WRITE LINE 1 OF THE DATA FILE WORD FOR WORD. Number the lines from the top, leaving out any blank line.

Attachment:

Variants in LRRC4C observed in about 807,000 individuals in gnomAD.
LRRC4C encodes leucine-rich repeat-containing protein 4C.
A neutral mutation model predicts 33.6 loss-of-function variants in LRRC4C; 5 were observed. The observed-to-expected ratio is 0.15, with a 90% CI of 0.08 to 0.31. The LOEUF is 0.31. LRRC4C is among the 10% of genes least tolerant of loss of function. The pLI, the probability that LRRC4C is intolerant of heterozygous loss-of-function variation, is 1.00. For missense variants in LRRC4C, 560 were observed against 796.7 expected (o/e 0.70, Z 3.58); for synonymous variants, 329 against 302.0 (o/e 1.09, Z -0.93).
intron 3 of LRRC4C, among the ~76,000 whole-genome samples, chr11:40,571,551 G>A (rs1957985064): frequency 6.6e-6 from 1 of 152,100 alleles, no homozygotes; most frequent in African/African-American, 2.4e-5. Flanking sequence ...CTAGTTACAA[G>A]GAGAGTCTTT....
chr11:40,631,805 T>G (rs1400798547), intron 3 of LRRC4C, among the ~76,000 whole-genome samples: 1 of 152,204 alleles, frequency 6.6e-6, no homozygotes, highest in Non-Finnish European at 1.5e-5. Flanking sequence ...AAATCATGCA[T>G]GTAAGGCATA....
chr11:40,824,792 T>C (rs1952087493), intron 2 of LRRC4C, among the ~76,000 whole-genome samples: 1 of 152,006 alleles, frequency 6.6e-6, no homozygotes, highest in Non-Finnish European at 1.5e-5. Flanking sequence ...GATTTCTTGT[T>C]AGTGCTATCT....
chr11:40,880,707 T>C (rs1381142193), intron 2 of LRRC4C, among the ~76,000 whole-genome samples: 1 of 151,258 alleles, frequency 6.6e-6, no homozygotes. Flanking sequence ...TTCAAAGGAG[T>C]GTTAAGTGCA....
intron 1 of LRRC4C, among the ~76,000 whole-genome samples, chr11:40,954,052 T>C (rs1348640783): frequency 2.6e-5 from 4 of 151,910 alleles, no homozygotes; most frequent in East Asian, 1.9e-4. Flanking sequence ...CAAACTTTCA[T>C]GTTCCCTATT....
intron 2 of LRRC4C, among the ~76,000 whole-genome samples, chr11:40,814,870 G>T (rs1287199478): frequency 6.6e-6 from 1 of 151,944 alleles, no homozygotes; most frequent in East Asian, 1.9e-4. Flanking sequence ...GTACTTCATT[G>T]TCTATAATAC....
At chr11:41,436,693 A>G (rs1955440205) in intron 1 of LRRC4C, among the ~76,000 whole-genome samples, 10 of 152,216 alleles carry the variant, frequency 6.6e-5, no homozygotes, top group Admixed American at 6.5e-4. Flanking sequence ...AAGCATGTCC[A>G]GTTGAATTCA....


Variants in LRRC4C observed in about 807,000 individuals in gnomAD.